Jennifer Brandon is Rehabilitation Supervisor at Hoag Orthopedic Institute. She has a BA in Biology from the University of Virginia and Masters in Physical Therapy from Hahnemann University. Jennifer has worked in a variety of acute care settings from pediatrics to neurologic care to orthopedics. After sustaining an injury-ironically-at a PT conference, Jen says, "I definitely have a deeper appreciation for the post-operative course of my patients."
Q: What motivated you to become a physical therapist?
A: I became interested in physical therapy during high school after some knee issues impacted my ability to play sports. Concurrently, I had seen an article in the Washington Post by an orthopedic surgeon in Boston who collaborated with physical therapists working with the Boston Ballet. Sparking further interest, I wrote a letter to the surgeon for advice on education and a career path. My first job out of PT school, coincidentally, was at Boston Children's Hospital whose specialized therapists covered the Boston Ballet dancers.
Q: You've worked in a few different areas throughout the country. Can you talk about your career trajectory?
A: My initial job was at Boston Children's where I trained as a generalized clinician eventually becoming more focused on acute neurologic care and pediatric trauma. I was lucky enough to be the first PT to serve as the therapy representative for the Pediatric Brain Tumor Clinic at the Dana Farber Cancer Center, a bridge between a child's acute journey and their follow-up care. In an effort to gain adult neuro experience, I moved on to Massachusetts General Hospital where I was one of the Senior Therapists for the Neuro-Pediatric team. I moved to California after getting married and joined the Hoag Memorial Hospital rehabilitation team in the acute setting where I have been since January 2001.
Q: What are the services offered at Hoag Orthopedic Institute?
A: Hoag Orthopedic Institute (HOI) is a collaborative effort of Southern California orthopedic surgeons primarily from the Orange County area. The Institute is comprised of a 70-bed inpatient hospital and a network of outpatient surgery centers. The focus is exclusively orthopedic conditions which are related to sports, aging and accidents. I work predominantly in the inpatient patient setting, which specializes in joint replacement, spine surgeries and fracture management.
Q: Typically, what are your day-to-day responsibilities?
A: As the rehab supervisor for HOI, I do everything from direct patient care to performance improvement activities. I also attend daily multi-disciplinary rounds to optimize the discharge planning process.
Q: Can you talk about the injury you sustained-ironically-while at a PT conference?
A: I sustained a patellar fracture after slipping at my hotel entrance when returning from a lecture at the 2013 Combined Sections Meeting. I had surgery a week after the fall. After a month, I began a four-month outpatient physical therapy program.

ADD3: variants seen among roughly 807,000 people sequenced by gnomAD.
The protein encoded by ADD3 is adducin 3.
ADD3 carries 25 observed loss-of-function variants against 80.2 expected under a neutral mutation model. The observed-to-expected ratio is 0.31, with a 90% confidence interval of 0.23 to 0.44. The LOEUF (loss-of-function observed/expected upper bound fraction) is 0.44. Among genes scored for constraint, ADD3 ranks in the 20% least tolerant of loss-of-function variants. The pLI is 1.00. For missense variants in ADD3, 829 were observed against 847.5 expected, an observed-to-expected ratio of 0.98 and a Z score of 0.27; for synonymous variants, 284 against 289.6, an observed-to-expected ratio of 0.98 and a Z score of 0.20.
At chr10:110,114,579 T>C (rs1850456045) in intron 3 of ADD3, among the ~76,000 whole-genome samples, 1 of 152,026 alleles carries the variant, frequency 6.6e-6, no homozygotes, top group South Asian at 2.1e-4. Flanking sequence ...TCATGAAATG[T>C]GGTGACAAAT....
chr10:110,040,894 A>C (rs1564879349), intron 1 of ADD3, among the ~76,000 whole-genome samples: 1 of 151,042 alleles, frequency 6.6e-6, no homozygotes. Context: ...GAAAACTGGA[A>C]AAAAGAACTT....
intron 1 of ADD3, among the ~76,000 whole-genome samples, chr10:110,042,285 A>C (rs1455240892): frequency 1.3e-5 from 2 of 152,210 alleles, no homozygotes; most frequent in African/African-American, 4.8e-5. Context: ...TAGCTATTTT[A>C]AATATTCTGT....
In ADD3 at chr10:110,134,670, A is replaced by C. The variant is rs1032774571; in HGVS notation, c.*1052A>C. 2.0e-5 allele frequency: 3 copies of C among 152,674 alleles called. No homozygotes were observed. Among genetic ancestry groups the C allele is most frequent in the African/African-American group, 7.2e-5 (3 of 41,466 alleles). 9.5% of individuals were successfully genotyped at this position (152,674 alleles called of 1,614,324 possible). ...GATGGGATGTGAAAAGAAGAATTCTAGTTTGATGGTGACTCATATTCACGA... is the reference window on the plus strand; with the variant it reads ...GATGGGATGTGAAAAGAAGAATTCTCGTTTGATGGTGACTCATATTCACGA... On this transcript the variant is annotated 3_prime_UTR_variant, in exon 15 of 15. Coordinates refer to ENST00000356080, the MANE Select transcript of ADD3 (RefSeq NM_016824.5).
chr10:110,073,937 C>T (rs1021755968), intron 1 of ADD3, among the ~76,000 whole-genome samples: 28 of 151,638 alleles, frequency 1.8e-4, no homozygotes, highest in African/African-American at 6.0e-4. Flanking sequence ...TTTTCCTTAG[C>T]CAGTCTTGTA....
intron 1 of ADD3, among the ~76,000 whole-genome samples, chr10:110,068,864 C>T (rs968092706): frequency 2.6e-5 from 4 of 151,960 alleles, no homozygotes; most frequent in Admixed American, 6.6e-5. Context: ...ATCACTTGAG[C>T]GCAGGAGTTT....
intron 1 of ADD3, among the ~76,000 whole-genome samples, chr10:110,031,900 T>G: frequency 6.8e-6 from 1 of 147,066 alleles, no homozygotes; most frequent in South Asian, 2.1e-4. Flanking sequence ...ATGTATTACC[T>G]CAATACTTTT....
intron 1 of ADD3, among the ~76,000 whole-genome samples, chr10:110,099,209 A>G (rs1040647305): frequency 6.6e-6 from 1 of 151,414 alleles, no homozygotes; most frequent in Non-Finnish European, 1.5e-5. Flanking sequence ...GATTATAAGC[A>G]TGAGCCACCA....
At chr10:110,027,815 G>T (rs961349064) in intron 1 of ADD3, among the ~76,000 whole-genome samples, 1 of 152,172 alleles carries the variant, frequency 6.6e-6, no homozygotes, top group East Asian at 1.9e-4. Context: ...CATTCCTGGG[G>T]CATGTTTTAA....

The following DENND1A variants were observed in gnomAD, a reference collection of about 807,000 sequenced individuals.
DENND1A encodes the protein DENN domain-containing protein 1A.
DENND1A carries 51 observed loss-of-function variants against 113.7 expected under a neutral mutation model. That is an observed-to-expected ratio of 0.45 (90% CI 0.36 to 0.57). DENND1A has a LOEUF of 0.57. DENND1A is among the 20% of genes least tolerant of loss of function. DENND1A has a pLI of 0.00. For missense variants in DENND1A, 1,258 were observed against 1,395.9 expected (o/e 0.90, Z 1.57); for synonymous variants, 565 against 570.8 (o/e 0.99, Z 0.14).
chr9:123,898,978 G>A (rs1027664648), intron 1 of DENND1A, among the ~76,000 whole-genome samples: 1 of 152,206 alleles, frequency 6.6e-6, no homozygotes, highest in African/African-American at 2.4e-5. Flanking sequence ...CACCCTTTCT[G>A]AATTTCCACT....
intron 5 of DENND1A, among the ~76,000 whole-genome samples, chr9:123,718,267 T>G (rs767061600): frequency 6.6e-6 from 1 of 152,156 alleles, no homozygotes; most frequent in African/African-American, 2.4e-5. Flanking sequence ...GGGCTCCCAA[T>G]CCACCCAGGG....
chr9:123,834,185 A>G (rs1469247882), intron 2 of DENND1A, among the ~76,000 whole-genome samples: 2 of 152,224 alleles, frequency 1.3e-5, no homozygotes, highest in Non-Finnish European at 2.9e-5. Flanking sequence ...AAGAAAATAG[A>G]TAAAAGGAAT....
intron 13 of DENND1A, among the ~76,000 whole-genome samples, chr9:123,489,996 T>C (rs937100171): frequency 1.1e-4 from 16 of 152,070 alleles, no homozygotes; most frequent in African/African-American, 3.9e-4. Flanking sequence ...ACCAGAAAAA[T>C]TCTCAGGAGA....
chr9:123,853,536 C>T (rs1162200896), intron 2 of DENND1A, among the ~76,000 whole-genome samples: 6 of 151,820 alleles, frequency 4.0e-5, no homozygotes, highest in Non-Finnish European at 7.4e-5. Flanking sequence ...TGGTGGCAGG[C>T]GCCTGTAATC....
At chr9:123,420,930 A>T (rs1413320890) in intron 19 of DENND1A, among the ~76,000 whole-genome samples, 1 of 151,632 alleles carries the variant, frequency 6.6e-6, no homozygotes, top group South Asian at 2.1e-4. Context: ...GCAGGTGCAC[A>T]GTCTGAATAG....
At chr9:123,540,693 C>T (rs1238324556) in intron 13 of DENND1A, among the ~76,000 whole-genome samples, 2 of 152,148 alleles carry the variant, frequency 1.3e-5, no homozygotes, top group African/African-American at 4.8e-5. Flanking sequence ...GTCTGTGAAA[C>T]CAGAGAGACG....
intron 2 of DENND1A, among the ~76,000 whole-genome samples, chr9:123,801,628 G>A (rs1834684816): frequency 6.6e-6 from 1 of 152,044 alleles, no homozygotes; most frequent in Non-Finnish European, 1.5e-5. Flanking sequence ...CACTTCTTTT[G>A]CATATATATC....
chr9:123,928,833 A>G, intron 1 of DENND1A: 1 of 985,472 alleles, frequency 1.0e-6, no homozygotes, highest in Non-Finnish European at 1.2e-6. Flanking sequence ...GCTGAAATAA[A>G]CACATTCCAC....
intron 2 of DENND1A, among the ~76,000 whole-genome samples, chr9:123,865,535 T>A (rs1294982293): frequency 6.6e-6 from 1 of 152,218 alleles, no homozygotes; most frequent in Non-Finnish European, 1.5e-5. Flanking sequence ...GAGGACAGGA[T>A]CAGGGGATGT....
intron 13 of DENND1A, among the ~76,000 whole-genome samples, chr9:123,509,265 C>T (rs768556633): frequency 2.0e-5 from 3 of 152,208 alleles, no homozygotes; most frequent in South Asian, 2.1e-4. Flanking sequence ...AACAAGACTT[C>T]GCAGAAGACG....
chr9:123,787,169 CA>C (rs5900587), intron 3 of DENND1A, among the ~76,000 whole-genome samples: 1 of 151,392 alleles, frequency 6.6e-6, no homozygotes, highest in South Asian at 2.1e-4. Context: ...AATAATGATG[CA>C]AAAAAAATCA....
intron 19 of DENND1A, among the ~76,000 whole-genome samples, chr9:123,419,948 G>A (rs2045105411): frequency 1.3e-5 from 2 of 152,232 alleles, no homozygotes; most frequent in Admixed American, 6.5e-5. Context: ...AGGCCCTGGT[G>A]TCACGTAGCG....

Q: How has this affected the way you work as a PT?
A: I couldn't work as a PT for quite a while. I was on a medical leave of absence for three months and returned to limited hours for another two months. I was cleared to resume patient care and treated my first patient in eight months just recently.
I definitely have a deeper appreciation for the post-operative course of my patients, whether related to the side effects of drugs/anesthesia or to the complete change in my ability to perform basic functional activities. I am more empathetic to the actual pain of the immediate post-op course, as well as during the progression of my rehab.
Q: Do you have any research projects on the horizon, or other areas of interest in PT you'd like to pursue?
A: The rehab team at HOI and I are currently collaborating with the surgeons, anesthesiologists and nurses to re-evaluate and standardize the pain management protocol for total knee replacements in an effort to maximize patient satisfaction and functional outcomes.
Q: What do you like and dislike most about working as a physical therapist?
A: I love being able to help someone reach a special or personal goal that somehow improves their quality of life or their basic happiness because it is important to them. In my case, my first therapy goal was to walk on the beach on Mother's Day—it was something I did every year and I wasn't about to miss it because of a random accident.
As for dislikes, I do not appreciate insurance restrictions. I am not a fan of the limitations on our profession driven by insurance companies that often prevent us from doing what is truly in a patient's best interests.
Q: What advice would you give to someone thinking about a career in PT?
A: Volunteer! I would definitely recommend that someone interested in healthcare, and especially PT, get exposure through volunteer activities, preferably in multiple settings.